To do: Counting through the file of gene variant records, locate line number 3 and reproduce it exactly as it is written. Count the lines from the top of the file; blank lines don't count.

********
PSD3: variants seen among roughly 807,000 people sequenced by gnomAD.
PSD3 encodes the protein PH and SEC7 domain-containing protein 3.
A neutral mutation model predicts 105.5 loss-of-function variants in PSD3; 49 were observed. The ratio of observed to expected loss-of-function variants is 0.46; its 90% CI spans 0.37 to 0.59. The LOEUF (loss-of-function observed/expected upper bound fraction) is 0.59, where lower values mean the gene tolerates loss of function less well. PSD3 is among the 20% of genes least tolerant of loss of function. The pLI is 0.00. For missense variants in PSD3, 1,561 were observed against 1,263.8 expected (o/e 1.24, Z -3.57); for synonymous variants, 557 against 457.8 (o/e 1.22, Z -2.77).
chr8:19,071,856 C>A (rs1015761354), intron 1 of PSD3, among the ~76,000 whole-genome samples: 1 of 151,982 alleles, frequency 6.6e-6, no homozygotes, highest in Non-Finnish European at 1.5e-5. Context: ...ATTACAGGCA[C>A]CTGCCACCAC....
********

A neutral mutation model predicts 105.5 loss-of-function variants in PSD3; 49 were observed. The ratio of observed to expected loss-of-function variants is 0.46; its 90% CI spans 0.37 to 0.59. The LOEUF (loss-of-function observed/expected upper bound fraction) is 0.59, where lower values mean the gene tolerates loss of function less well. PSD3 is among the 20% of genes least tolerant of loss of function. The pLI is 0.00. For missense variants in PSD3, 1,561 were observed against 1,263.8 expected (o/e 1.24, Z -3.57); for synonymous variants, 557 against 457.8 (o/e 1.22, Z -2.77).